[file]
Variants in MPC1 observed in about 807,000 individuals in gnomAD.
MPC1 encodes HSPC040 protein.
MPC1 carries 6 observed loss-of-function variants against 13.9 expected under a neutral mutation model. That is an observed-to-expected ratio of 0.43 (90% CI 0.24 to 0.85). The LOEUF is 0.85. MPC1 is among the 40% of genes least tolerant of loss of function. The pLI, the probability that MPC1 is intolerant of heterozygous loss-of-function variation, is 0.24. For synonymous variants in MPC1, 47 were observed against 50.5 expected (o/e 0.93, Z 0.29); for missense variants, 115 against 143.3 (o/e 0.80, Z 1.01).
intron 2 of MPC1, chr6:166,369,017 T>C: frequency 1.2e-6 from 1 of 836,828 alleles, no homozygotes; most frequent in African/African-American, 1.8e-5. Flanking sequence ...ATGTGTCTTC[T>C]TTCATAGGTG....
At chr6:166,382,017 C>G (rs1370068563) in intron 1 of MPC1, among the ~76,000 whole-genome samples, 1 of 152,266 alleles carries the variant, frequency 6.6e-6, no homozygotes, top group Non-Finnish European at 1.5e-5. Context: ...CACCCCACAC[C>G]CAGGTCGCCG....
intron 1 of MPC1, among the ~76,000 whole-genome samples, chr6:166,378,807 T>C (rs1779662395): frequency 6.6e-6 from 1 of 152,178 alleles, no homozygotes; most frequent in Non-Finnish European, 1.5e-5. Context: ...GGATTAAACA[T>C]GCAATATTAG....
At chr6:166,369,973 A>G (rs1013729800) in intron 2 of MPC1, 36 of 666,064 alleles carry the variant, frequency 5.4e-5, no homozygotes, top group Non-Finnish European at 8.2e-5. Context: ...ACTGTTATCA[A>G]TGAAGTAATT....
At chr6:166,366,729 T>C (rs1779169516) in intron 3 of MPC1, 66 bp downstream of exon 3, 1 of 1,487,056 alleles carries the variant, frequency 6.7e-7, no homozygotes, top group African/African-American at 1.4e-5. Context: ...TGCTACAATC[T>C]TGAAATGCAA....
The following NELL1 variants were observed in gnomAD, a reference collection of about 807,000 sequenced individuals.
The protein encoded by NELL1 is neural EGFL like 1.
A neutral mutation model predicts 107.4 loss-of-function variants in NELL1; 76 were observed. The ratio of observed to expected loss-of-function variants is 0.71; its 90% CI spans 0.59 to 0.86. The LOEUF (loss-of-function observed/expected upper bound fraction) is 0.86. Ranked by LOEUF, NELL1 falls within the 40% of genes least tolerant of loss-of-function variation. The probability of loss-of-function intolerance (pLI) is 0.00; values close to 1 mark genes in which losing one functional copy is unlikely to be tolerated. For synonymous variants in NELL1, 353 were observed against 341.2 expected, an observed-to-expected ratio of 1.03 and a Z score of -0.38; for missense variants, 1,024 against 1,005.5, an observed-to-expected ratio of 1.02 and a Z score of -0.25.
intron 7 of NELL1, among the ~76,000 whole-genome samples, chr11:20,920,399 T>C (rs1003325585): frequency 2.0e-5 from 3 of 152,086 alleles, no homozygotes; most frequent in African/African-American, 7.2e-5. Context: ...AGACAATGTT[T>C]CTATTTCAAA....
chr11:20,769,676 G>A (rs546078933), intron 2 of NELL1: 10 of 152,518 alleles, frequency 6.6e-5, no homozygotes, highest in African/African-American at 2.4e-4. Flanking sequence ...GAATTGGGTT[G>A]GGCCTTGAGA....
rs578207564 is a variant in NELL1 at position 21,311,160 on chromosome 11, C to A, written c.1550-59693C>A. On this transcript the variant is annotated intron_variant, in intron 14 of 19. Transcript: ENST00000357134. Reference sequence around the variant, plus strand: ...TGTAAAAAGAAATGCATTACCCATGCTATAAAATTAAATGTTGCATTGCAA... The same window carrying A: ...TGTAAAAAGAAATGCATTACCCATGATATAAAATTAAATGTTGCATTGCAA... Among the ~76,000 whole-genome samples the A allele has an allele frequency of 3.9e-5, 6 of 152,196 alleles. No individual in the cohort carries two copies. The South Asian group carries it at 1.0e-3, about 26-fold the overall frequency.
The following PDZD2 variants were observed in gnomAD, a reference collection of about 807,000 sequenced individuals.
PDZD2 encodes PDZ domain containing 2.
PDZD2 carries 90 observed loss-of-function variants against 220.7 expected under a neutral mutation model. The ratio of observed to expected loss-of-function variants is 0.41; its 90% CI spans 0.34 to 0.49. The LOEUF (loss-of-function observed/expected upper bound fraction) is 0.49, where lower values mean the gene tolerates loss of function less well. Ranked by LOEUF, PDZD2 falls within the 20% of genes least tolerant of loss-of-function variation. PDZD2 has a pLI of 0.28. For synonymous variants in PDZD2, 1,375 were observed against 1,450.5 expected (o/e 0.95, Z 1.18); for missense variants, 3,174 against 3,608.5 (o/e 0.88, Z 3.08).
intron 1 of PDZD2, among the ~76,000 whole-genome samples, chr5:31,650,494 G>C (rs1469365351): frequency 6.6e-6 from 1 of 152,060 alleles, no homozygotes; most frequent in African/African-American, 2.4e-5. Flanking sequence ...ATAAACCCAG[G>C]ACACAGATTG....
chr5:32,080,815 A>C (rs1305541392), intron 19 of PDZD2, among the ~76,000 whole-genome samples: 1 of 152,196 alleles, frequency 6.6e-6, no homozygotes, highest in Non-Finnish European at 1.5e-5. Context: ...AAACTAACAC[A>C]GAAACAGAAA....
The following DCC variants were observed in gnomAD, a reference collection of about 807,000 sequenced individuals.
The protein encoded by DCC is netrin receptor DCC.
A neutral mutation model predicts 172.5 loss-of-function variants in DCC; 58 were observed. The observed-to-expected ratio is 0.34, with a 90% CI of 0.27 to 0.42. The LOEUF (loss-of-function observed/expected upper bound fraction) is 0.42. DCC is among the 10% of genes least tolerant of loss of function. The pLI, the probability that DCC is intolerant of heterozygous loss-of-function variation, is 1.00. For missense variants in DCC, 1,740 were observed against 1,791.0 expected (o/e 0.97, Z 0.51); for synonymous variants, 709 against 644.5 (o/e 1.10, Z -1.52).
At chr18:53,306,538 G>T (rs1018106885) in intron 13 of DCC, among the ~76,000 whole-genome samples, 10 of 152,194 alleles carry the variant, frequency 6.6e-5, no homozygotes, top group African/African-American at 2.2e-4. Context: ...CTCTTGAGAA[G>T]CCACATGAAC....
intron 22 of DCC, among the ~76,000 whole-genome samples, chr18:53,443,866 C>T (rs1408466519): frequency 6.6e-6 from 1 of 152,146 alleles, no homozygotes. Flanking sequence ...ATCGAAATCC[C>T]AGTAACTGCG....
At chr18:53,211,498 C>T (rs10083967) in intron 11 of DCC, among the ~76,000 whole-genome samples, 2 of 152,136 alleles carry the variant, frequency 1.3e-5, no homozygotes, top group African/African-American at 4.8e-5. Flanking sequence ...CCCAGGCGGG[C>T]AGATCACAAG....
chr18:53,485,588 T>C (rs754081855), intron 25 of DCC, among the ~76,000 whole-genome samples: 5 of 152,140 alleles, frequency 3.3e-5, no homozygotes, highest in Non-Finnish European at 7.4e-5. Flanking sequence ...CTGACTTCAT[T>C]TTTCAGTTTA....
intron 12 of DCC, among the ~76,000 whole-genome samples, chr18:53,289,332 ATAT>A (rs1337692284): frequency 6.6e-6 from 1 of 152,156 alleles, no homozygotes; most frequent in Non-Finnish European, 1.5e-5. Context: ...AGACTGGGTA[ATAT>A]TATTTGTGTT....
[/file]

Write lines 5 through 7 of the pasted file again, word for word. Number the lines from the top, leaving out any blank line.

At chr6:166,382,017 C>G (rs1370068563) in intron 1 of MPC1, among the ~76,000 whole-genome samples, 1 of 152,266 alleles carries the variant, frequency 6.6e-6, no homozygotes, top group Non-Finnish European at 1.5e-5. Context: ...CACCCCACAC[C>G]CAGGTCGCCG....
intron 1 of MPC1, among the ~76,000 whole-genome samples, chr6:166,378,807 T>C (rs1779662395): frequency 6.6e-6 from 1 of 152,178 alleles, no homozygotes; most frequent in Non-Finnish European, 1.5e-5. Context: ...GGATTAAACA[T>C]GCAATATTAG....
At chr6:166,369,973 A>G (rs1013729800) in intron 2 of MPC1, 36 of 666,064 alleles carry the variant, frequency 5.4e-5, no homozygotes, top group Non-Finnish European at 8.2e-5. Context: ...ACTGTTATCA[A>G]TGAAGTAATT....